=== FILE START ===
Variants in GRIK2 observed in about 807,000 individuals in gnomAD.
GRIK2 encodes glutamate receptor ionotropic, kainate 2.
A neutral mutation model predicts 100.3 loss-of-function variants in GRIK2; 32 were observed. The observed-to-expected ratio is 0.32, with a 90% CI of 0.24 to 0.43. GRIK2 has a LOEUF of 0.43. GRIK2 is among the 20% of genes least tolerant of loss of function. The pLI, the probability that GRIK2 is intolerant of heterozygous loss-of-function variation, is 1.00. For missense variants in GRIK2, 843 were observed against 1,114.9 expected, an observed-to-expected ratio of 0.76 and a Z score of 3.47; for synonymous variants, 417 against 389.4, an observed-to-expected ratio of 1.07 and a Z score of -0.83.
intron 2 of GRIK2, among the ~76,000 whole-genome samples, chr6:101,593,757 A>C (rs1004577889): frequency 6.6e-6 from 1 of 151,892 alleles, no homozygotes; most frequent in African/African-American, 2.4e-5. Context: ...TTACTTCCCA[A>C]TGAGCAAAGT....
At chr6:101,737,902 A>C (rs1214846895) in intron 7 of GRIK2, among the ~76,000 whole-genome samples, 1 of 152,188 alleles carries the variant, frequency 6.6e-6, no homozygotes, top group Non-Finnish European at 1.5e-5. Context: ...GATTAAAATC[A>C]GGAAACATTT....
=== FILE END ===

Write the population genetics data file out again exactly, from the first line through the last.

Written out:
Variants in GRIK2 observed in about 807,000 individuals in gnomAD.
GRIK2 encodes glutamate receptor ionotropic, kainate 2.
A neutral mutation model predicts 100.3 loss-of-function variants in GRIK2; 32 were observed. The observed-to-expected ratio is 0.32, with a 90% CI of 0.24 to 0.43. GRIK2 has a LOEUF of 0.43. GRIK2 is among the 20% of genes least tolerant of loss of function. The pLI, the probability that GRIK2 is intolerant of heterozygous loss-of-function variation, is 1.00. For missense variants in GRIK2, 843 were observed against 1,114.9 expected, an observed-to-expected ratio of 0.76 and a Z score of 3.47; for synonymous variants, 417 against 389.4, an observed-to-expected ratio of 1.07 and a Z score of -0.83.
intron 2 of GRIK2, among the ~76,000 whole-genome samples, chr6:101,593,757 A>C (rs1004577889): frequency 6.6e-6 from 1 of 151,892 alleles, no homozygotes; most frequent in African/African-American, 2.4e-5. Context: ...TTACTTCCCA[A>C]TGAGCAAAGT....
At chr6:101,737,902 A>C (rs1214846895) in intron 7 of GRIK2, among the ~76,000 whole-genome samples, 1 of 152,188 alleles carries the variant, frequency 6.6e-6, no homozygotes, top group Non-Finnish European at 1.5e-5. Context: ...GATTAAAATC[A>C]GGAAACATTT....